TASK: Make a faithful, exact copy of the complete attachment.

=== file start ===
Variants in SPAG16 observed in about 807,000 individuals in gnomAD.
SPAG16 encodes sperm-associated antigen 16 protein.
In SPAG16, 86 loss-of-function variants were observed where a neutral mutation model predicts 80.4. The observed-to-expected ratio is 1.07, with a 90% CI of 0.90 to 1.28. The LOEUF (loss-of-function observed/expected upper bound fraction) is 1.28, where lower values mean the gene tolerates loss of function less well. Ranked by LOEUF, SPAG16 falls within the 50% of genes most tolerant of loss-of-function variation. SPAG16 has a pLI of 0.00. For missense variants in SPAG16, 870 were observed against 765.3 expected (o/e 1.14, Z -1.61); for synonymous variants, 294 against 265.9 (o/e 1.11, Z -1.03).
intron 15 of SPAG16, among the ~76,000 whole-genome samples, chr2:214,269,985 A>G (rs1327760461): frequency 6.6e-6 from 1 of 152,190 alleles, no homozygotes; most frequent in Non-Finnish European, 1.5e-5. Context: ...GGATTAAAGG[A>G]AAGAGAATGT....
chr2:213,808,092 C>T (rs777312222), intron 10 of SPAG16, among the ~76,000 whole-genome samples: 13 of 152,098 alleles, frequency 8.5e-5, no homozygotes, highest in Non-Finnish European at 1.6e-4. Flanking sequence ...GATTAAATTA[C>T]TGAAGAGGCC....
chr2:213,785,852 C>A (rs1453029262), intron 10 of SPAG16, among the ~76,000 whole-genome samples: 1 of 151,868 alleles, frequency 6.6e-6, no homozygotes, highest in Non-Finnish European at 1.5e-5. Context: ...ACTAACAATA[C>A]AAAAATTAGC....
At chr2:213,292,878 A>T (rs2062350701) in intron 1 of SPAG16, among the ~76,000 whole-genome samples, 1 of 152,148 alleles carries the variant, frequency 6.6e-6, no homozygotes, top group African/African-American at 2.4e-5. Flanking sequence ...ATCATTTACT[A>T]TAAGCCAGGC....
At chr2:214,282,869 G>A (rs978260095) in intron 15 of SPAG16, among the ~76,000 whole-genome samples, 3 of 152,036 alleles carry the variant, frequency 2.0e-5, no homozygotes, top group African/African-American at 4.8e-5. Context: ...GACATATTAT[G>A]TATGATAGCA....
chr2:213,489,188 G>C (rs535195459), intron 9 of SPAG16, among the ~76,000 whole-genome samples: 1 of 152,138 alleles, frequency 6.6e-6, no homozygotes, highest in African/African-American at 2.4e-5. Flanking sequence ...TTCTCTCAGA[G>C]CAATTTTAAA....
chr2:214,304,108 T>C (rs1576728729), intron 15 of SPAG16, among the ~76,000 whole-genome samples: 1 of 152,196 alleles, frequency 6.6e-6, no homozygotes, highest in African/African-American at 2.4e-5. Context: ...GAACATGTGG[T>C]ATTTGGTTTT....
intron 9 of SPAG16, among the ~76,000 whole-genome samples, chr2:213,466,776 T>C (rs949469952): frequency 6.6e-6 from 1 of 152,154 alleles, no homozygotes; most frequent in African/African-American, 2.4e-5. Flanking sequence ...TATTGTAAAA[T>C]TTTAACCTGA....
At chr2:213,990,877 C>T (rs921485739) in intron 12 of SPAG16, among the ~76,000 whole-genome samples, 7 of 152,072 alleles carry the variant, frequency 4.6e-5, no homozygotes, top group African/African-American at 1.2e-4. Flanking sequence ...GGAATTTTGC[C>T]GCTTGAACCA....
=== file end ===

Variants in SPAG16 observed in about 807,000 individuals in gnomAD.
SPAG16 encodes sperm-associated antigen 16 protein.
In SPAG16, 86 loss-of-function variants were observed where a neutral mutation model predicts 80.4. The observed-to-expected ratio is 1.07, with a 90% CI of 0.90 to 1.28. The LOEUF (loss-of-function observed/expected upper bound fraction) is 1.28, where lower values mean the gene tolerates loss of function less well. Ranked by LOEUF, SPAG16 falls within the 50% of genes most tolerant of loss-of-function variation. SPAG16 has a pLI of 0.00. For missense variants in SPAG16, 870 were observed against 765.3 expected (o/e 1.14, Z -1.61); for synonymous variants, 294 against 265.9 (o/e 1.11, Z -1.03).
intron 15 of SPAG16, among the ~76,000 whole-genome samples, chr2:214,269,985 A>G (rs1327760461): frequency 6.6e-6 from 1 of 152,190 alleles, no homozygotes; most frequent in Non-Finnish European, 1.5e-5. Context: ...GGATTAAAGG[A>G]AAGAGAATGT....
chr2:213,808,092 C>T (rs777312222), intron 10 of SPAG16, among the ~76,000 whole-genome samples: 13 of 152,098 alleles, frequency 8.5e-5, no homozygotes, highest in Non-Finnish European at 1.6e-4. Flanking sequence ...GATTAAATTA[C>T]TGAAGAGGCC....
chr2:213,785,852 C>A (rs1453029262), intron 10 of SPAG16, among the ~76,000 whole-genome samples: 1 of 151,868 alleles, frequency 6.6e-6, no homozygotes, highest in Non-Finnish European at 1.5e-5. Context: ...ACTAACAATA[C>A]AAAAATTAGC....
At chr2:213,292,878 A>T (rs2062350701) in intron 1 of SPAG16, among the ~76,000 whole-genome samples, 1 of 152,148 alleles carries the variant, frequency 6.6e-6, no homozygotes, top group African/African-American at 2.4e-5. Flanking sequence ...ATCATTTACT[A>T]TAAGCCAGGC....
At chr2:214,282,869 G>A (rs978260095) in intron 15 of SPAG16, among the ~76,000 whole-genome samples, 3 of 152,036 alleles carry the variant, frequency 2.0e-5, no homozygotes, top group African/African-American at 4.8e-5. Context: ...GACATATTAT[G>A]TATGATAGCA....
chr2:213,489,188 G>C (rs535195459), intron 9 of SPAG16, among the ~76,000 whole-genome samples: 1 of 152,138 alleles, frequency 6.6e-6, no homozygotes, highest in African/African-American at 2.4e-5. Flanking sequence ...TTCTCTCAGA[G>C]CAATTTTAAA....
chr2:214,304,108 T>C (rs1576728729), intron 15 of SPAG16, among the ~76,000 whole-genome samples: 1 of 152,196 alleles, frequency 6.6e-6, no homozygotes, highest in African/African-American at 2.4e-5. Context: ...GAACATGTGG[T>C]ATTTGGTTTT....
intron 9 of SPAG16, among the ~76,000 whole-genome samples, chr2:213,466,776 T>C (rs949469952): frequency 6.6e-6 from 1 of 152,154 alleles, no homozygotes; most frequent in African/African-American, 2.4e-5. Flanking sequence ...TATTGTAAAA[T>C]TTTAACCTGA....
At chr2:213,990,877 C>T (rs921485739) in intron 12 of SPAG16, among the ~76,000 whole-genome samples, 7 of 152,072 alleles carry the variant, frequency 4.6e-5, no homozygotes, top group African/African-American at 1.2e-4. Flanking sequence ...GGAATTTTGC[C>T]GCTTGAACCA....